Category Archives: Operating Systems

Centralizing Certificate Management of LetsEncrypt with a Raspberry PI

Lets Encrypt is a new Certificate Authority (CA), run for the public’s benefit by the Internet Security Research Group (ISRG). At the time of writing it’s currently in Beta and is due to go public in December 2015.

Now in the default mode, the standard Lets Encrypt client (it’s not the only one) can manage this automatically – however it’s not ideal if you have more than one server.

What I describe here is how to centralize managing certificate registration (& later renewal) on a central machine. When a certificate is then registered or renewed we can then copy the certs to the remote servers.

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Fixing HTTPS mixed content issues in Chrome

I’ve been beta testing the new Lets Encrypt Certificate Authority so have been adding HTTPS to various services however I hit on a problem where Chrome wasn’t showing the green padlock for a specific application. Instead it was showing the broken padlock because it was saying there was mixed content.

In https, mixed content is usually where you have a resource (css, image etc) thats being served in http instead.

So first I went in to developer tools to find that resource. Now it can be difficult to find, however one first tip is to go to the network tab and right click on any of the columns (e.g. Name) and ensure that scheme is ticked. This now adds a new column which should show https for everything. The one that shows http is the culprit.

Except in this case it didn’t. Everything was https. So what’s happening?

Well in Chrome it caches the https state with each resource, and in this instance I had https originally working with a test certificate. Now I have a real one, so chrome was being confused.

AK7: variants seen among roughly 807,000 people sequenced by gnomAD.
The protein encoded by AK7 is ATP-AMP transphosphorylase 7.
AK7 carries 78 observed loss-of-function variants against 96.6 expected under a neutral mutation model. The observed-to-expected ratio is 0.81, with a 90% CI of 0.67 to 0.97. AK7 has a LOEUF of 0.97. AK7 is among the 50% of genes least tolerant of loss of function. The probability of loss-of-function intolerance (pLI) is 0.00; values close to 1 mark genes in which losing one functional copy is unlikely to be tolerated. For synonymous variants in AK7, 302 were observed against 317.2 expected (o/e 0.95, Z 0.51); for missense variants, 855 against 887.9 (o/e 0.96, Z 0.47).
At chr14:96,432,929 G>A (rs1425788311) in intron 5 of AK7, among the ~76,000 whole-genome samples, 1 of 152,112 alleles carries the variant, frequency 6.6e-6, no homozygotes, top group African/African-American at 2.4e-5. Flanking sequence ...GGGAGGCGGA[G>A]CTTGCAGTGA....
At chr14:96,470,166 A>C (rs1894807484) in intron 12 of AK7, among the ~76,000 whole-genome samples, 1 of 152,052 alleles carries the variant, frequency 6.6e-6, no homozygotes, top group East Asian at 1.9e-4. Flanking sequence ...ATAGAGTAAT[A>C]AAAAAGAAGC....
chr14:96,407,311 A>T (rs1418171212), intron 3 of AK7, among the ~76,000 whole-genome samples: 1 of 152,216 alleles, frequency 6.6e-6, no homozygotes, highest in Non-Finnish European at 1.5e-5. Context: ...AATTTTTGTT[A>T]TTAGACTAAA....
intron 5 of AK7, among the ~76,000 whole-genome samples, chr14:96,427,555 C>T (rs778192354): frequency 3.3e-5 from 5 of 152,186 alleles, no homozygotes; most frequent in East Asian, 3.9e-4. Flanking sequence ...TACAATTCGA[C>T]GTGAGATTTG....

The solution was to restart chrome by opening a new tab and entering the url: chrome://restart

Once chrome restarts (it will restart every tab/window you have open) the problem was fixed.

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Installing Java 7 on Debian Squeeze

For all of my servers I use Debian, however that distribution has a few problems, mainly the packages can be a bit behind the cutting edge.

Now this is usually a good thing if you are looking for stability – cutting edge software can have issues, especially from new features etc, so for a live environment you want something thats stable.

However, there does come a time when this can bite back. You either need a feature thats not in the standard repositories or in this case the version is now unsupported.

In Debian Squeeze it has Java 6 – but that was EOL’d a couple of months ago so is no longer supported by Oracle. The current version is Java 7 update 17.

So how do we get Java 7 installed?

Well it’s pretty easy to do, we just need to add another repository into apt and install it.

First the repository:

sudo su -
echo "deb precise main" | tee -a /etc/apt/sources.list
echo "deb-src precise main" | tee -a /etc/apt/sources.list
apt-key adv --keyserver --recv-keys EEA14886
apt-get update

What that does is to install the ubuntu ppa repository into apt, setup the public keys and then load the package lists.

Next we need to install it:

sudo apt-get install oracle-java7-installer

This will now download Oracle Java 7 and present you with a couple of screens about licensing. Just ok and accept it and it will now install.

That’s it. You now have Java 7 installed – but it’s not the default JDK (if you already had Java 6 installed). If you want it to be the default then there’s just one more thing to do:

sudo apt-get install oracle-java7-set-default

That’s a dummy package but it will make Java 7 the default on that machine. If you want to check then you can check:

peter@titan ~ $ java -version
java version "1.7.0_17"
Java(TM) SE Runtime Environment (build 1.7.0_17-b02)
Java HotSpot(TM) 64-Bit Server VM (build 23.7-b01, mixed mode)
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